Re: Hooking nym to wikipedia

2005-10-04 Thread Peter Clay
I'm a bit concerned by this scheme. I'm not clear at the moment whether
you're proposing imposing it on all wikipedia users or just those that
want to access via Tor?

On Mon, Oct 03, 2005 at 11:48:48AM +, Jason Holt wrote:
 * Lack of forward secrecy is indeed an issue, since our metaphorical 
 Chinese dissident must keep around her cert to continue using it, which if 
 discovered links her with all her past activities.  This is a problem even 
 if Wikipedia maps each client cert to a particular random value for public 
 display, since the attackers can simply use the stolen cert to make an edit 
 on wikipedia and then check to see if the identifier comes up the same.

There's a big useability issue with client certs, in that they are part
of a particular PC browser profile and are fiddly to move between PCs;
while being moved (e.g. USB key) or at rest on the disk they are
vulnerable to raids by the security services. I'd expect the mythical
Chinese dissident to be using netcafes rather than his/her home PC which
will have a keylogger installed on it / be taken as evidence in raids.
(e.g. http://gizmonaut.net/bits/suspect.html )

(Also, I'd expect any serious repressive regimes to simply have anyone
found using Tor taken out and shot; has this been addressed?)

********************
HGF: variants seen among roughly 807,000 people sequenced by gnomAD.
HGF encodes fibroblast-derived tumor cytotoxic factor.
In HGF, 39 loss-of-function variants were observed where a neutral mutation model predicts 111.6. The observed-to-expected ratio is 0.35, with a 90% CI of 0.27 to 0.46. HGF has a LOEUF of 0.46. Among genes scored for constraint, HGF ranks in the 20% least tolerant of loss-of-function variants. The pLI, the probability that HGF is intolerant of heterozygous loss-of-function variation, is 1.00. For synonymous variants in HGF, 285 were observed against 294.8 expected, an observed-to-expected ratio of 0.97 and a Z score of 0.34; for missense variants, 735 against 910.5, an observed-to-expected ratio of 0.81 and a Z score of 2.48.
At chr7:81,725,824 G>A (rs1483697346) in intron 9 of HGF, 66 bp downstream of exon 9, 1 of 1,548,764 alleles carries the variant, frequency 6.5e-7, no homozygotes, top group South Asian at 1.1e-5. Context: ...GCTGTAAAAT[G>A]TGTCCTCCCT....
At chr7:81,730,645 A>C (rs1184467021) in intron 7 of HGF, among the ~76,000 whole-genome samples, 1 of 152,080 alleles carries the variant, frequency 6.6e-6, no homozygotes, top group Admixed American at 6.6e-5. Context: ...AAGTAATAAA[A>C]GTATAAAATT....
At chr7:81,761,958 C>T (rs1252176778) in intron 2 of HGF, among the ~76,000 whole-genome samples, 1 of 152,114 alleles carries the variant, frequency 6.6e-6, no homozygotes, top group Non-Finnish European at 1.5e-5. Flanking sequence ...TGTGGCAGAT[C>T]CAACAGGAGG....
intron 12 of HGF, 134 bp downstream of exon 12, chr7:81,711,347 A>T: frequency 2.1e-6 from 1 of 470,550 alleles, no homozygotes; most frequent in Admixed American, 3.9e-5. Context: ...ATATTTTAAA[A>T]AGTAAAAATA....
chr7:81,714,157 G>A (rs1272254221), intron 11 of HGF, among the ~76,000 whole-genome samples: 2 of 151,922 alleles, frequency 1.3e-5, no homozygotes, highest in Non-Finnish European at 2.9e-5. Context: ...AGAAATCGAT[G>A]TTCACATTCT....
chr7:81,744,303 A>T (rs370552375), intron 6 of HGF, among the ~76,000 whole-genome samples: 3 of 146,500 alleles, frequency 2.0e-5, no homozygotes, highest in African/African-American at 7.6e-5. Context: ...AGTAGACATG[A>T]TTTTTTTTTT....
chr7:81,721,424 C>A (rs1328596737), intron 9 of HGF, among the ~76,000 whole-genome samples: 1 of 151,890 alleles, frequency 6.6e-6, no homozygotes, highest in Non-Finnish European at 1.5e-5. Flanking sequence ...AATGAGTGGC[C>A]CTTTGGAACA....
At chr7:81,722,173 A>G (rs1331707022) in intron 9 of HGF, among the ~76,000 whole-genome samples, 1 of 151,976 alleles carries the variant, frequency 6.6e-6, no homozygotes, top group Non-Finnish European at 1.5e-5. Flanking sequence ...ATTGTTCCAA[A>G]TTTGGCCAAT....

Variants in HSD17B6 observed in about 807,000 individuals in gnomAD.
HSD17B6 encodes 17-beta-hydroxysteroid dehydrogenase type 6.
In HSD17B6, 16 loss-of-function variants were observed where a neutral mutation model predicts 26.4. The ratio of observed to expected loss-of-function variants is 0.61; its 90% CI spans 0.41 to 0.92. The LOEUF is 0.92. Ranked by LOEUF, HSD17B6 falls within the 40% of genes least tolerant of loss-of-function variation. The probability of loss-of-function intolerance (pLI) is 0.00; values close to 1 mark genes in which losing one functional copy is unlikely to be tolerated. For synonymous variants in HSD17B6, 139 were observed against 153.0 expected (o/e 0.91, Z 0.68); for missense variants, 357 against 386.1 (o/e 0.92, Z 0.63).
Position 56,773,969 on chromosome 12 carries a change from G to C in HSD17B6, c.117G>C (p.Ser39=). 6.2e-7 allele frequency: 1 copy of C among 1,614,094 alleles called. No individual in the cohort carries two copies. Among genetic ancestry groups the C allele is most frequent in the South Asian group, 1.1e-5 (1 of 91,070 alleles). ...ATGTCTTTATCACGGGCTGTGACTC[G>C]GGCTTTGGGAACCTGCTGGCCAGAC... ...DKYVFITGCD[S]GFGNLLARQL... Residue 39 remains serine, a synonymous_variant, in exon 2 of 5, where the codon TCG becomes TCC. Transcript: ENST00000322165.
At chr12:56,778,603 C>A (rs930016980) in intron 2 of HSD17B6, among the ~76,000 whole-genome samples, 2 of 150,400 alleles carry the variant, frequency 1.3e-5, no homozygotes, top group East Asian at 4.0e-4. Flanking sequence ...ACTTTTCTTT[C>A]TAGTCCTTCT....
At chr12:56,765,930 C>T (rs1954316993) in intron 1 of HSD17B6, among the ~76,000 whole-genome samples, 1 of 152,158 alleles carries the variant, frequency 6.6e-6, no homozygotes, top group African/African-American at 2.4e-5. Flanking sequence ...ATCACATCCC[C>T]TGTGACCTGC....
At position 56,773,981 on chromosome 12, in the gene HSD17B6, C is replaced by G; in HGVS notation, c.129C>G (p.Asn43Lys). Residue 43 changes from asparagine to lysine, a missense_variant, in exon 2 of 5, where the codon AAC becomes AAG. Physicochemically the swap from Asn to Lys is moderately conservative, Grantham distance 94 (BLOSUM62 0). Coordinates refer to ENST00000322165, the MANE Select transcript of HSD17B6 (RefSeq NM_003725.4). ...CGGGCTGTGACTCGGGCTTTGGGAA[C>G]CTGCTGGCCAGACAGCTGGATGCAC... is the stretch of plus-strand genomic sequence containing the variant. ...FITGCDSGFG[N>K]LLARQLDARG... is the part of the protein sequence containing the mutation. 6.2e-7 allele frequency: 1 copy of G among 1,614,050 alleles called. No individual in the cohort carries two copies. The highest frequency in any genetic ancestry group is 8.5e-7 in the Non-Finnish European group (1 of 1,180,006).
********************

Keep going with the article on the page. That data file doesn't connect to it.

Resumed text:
Pete
-- 
Peter Clay | Campaign for   _  _| .__
   | Digital   /  / | |
   | Rights!   \_ \_| |
   | http://www.ukcdr.org

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Re: Hooking nym to wikipedia

2005-10-04 Thread cyphrpunk
On 10/3/05, Jason Holt [EMAIL PROTECTED] wrote:

 More thoughts regarding the tokens vs. certs decision, and also multi-use:

This is a good summary of the issues. With regard to turning client
certs on and off: from many years of experience with anonymous and
pseudonymous communication, the big usability problem is remembering
which mode you are in - whether you are identified or anonymous. This
relates to the technical problem of preventing data from one mode from
leaking over into the other.

The best solution is to use separate logins for the two modes. This
prevents any technical leakage such as cookies or certificates.
Separate desktop pictures and browser skins can be selected to provide
constant cues about the mode. Using this method it would not be
necessary to be asked on every certificate usage, so that problem with
certs would not arise.

(As far as the Chinese dissident using net cafes, if they are using
Tor at all it might be via a USB token like the one (formerly?)
available from virtualprivacymachine.com. The browser on the token can
be configured to hold the cert, making it portable.)

Network eavesdropping should not be a major issue for a pseudonym
server. Attackers would have little to gain for all their work. The
user is accessing the server via Tor so their anonymity is still
protected.

Any solution which waits for Wikimedia to make changes to their
software will probably be long in coming. When Jimmy Wales was asked
whether their software could allow logins for trusted users from
otherwise blocked IPs, he didn't have any idea. The technical people
are apparently in a separate part of the organization. Even if Jimmy
endorsed an idea for changing Wikipedia, he would have to sell it to
the technical guys, who would then have to implement and test it in
their Wiki code base, then it would have to be deployed in Wikipedia
(which is after all their flagship product and one which they would
want to be sure not to break).